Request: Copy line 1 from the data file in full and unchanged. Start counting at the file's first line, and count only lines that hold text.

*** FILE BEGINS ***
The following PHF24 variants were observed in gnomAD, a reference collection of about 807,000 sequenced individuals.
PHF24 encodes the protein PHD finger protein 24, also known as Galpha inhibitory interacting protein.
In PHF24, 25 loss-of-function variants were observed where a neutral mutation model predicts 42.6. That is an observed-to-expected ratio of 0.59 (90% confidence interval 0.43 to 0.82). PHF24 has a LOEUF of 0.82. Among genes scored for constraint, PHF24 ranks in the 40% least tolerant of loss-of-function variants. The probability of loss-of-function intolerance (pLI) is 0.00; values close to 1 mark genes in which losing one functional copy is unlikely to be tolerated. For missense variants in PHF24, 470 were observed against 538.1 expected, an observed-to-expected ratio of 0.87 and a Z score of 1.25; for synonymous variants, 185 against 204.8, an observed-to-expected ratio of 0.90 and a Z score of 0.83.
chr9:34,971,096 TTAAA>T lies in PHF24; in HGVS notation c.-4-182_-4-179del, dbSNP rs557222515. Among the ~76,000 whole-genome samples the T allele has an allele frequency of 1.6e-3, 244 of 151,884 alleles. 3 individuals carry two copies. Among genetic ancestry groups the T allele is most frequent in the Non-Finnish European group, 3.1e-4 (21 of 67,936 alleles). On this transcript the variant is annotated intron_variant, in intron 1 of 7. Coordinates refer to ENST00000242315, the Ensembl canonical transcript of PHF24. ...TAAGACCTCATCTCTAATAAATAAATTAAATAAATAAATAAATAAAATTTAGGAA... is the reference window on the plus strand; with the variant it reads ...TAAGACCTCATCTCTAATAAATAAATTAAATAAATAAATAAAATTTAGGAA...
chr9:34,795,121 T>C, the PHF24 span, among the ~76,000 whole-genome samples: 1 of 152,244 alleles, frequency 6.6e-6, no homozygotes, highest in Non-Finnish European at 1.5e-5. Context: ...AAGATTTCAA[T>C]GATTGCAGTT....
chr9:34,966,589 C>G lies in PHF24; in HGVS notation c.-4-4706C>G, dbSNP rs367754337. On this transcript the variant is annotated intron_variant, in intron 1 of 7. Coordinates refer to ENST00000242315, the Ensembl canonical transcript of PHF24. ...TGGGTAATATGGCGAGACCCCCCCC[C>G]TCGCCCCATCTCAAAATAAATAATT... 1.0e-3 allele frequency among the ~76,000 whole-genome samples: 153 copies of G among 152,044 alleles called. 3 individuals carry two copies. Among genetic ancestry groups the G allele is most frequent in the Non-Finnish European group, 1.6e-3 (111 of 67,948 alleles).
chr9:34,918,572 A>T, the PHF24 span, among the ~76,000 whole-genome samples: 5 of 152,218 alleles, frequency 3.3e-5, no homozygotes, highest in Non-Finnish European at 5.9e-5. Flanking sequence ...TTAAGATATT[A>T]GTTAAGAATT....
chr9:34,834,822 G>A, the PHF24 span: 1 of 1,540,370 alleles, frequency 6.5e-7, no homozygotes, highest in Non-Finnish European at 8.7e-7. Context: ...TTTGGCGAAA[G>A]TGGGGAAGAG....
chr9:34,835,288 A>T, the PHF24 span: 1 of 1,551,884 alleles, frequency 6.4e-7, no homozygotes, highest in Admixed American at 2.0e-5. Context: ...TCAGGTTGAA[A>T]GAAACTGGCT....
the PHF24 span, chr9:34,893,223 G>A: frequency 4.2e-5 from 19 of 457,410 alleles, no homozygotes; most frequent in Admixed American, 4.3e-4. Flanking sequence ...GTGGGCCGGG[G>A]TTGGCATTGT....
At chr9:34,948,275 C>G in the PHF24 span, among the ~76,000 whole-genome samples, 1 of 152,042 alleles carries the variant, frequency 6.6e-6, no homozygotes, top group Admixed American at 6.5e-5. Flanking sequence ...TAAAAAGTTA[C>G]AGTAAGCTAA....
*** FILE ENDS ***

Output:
The following PHF24 variants were observed in gnomAD, a reference collection of about 807,000 sequenced individuals.